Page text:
The Mountain soon controlled the courts sentenced to death by guillotine any- (l)Stock Montage, (c)Giraudon/Art Resource, NY, (r)Photo ResearchersConvention. They used their power to get rid one believed to be disloyal to the revolution.of the former king. In late 1792, Louis was This included Girondists, clergy, nobles, andtried and found guilty of helping France’s even women and children. In all, aboutenemies. A month later, Louis was beheaded 40,000 people died, including Queen Marieon the guillotine—a new machine designed Antoinette. This period became known as theto quickly execute people. Louis’s execution Reign of Terror.scared other European rulers. In early 1793, During this time, Robespierre tried toBritain, Spain, the Netherlands, and create a “Republic of Virtue.” He thoughtSardinia joined Austria and Prussia in their the revolution should inspire people to bewar against France. good citizens. Under Robespierre’s lead, the Committee opened new schools, hadWho Was Robespierre? Soon after the new farming skills taught to the peasants,king’s execution, the National Convention and worked to keep prices under control.set up the Committee of Public Safety to Robespierre even created a new religionrun the country. This new body quickly that worshiped a “Supreme Being.” Thiscame under the control of a lawyer named attempt to replace France’s traditionalMaximilien Robespierre (mak • see • meel • Catholic faith, however, did not last.ya ROHBZ • PYEHR). With France under threat from abroad, The Committee took harsh steps to the Committee decided to raise a new army.end growing unrest in France. Revolutionary All single men between the ages of 18 and 25 The French RevolutionMarie Antoinette is led to her Model of aexecution. Why was the guillotine guillotineadopted for executions? This painting shows a supporter of the revolution known as a sans-cullote, which means “without breeches.” Sans- cullotes were shopkeepers, artisans, and workers who got their name because they wore long pants, rather than the knee- length breeches of the upper class.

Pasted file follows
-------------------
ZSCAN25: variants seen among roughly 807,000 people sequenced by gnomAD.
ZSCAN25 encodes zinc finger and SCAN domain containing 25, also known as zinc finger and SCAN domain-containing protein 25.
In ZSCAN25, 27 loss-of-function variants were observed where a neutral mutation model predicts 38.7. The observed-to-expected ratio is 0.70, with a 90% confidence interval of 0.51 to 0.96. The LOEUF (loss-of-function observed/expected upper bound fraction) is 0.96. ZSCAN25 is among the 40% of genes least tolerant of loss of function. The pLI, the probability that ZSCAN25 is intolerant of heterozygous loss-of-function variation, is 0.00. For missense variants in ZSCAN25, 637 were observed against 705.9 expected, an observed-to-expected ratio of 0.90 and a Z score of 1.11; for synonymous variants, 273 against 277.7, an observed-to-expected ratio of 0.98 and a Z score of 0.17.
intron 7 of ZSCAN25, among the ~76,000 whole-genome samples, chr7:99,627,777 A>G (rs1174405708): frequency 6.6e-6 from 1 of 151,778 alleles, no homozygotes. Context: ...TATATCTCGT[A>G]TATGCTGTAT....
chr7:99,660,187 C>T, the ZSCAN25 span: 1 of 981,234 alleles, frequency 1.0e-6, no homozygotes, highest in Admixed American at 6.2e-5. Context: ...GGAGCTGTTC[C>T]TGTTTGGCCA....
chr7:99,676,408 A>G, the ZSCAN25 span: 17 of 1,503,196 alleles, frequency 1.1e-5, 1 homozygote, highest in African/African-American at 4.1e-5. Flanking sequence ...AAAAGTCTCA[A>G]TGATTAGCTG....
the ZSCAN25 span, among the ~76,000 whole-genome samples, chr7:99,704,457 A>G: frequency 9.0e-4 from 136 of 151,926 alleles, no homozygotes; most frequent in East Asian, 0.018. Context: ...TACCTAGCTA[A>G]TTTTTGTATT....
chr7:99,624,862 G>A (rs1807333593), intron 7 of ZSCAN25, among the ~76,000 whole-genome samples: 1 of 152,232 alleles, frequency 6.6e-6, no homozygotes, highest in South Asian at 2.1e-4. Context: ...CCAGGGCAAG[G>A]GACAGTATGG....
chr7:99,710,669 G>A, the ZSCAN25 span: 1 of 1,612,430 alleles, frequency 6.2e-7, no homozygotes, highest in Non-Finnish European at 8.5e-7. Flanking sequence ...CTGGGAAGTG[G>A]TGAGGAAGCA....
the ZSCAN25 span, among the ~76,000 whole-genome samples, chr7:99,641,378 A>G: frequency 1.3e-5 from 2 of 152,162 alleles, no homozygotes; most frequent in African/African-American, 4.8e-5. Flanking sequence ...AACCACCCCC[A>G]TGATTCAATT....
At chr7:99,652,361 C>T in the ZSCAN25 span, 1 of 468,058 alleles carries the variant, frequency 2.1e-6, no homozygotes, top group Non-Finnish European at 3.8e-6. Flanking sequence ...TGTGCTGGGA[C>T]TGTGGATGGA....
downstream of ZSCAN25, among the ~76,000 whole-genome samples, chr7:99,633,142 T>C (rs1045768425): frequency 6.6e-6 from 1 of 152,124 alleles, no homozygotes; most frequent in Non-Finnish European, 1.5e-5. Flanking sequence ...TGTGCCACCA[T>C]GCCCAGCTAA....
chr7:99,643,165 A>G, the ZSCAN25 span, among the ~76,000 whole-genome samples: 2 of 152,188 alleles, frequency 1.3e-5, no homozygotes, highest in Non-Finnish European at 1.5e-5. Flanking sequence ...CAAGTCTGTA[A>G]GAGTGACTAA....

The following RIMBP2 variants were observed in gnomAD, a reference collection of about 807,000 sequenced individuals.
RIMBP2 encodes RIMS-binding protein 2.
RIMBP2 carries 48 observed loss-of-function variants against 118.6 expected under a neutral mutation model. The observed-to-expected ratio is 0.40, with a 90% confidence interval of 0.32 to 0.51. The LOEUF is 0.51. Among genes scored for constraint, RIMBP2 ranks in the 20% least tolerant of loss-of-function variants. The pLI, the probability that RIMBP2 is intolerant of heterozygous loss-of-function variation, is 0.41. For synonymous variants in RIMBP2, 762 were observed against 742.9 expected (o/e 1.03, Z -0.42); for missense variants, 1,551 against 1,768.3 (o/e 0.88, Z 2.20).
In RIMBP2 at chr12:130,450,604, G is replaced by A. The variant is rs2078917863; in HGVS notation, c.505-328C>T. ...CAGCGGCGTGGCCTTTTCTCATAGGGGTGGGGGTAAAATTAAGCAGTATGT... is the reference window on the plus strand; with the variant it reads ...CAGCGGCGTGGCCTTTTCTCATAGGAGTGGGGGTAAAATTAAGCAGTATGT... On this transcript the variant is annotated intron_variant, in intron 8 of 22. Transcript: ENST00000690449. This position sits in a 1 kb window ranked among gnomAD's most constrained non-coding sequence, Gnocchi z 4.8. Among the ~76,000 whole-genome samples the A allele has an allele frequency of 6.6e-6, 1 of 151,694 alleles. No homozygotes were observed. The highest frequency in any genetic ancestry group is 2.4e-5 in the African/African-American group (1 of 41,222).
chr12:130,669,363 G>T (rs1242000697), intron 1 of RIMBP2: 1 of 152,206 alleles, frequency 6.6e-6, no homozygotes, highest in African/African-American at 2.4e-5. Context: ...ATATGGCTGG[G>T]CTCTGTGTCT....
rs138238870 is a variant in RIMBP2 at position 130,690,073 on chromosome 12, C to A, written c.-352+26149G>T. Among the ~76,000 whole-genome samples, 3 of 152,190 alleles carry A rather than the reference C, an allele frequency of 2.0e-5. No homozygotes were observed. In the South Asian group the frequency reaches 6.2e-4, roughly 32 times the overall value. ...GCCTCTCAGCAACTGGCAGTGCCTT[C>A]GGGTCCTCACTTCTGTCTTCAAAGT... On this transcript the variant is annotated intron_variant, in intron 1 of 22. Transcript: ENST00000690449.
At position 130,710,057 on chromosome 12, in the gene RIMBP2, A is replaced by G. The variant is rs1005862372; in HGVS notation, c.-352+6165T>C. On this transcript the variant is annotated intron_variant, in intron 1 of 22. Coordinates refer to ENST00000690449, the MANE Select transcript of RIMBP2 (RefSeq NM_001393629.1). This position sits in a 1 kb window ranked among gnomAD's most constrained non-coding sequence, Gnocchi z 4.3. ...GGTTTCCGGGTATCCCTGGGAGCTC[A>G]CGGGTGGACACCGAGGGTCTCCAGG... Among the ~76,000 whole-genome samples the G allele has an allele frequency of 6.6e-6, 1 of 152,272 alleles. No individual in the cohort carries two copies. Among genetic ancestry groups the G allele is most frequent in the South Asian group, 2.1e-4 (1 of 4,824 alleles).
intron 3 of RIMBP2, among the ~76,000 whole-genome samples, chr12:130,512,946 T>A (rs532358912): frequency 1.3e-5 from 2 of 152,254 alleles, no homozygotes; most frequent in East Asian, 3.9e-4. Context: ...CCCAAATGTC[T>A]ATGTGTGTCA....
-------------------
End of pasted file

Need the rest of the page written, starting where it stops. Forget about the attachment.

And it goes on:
were conscripted, or required to join up. Withthis new force of almost a million soldiers, The Rise of NapoleonFrance was able to throw back the foreign Napoleon Bonaparte used his militaryinvaders. Military victories gave revolution- success to take control of the French government.ary generals great confidence. They soon Reading Focus What qualities make a great leader?became important in French politics. As you read about Napoleon, ask yourself which of his As the fear of foreign invasions less- qualities won him the confidence of the French people.ened, people in France grew tired of all thekillings and wanted to end the Reign of While the Directory lost support inTerror. When Robespierre refused, govern- France, the French army was winningment leaders had him executed. After great victories in neighboring lands. OneRobespierre’s fall, moderate middle-class young general, battling Austrian armies inleaders created a new government led by a Italy, especially captured the Frenchfive-man council. This council, called the people’s imagination. His name wasDirectory, spent its time trying to handle food Napoleon Bonaparte (nuh • POH • lee • uhnshortages, rising prices, government bank- BOH • nuh • PAHRT).ruptcy, and attacks by other countries. By Napoleon Bonaparte was born on the1799, the Directory had lost much support. Mediterranean island of Corsica in 1769. HeThe French people began to look for a went to military school and became an offi-strong leader who could restore order. cer. Napoleon supported the revolution. His Contrast How did the military talent helped him rise to the rank ofGirondists differ from the Mountain? general by the time he was 24 years old. Periods of Revolution and Empire in France, 1789–1815 1785 1790 1795 1800 1805 1810 1815 1795 1792 The DirectoryMay 1789 June 1789 1799 1804 1815 Estates- National 1791 National Convention Consulate of Empire of Napoleon Defeat of General Assembly Legislative Assembly Napoleon Napoleon 1. How many years did the Directory stay in power? 2. Compare Which period lasted the longest? This painting shows Napoleon Bonaparte (center) seizing control of the French government in 1799. At what age did Napoleon become a general in the French army? CHAPTER 19 Industry and Nationalism 719 (r)Photo Researchers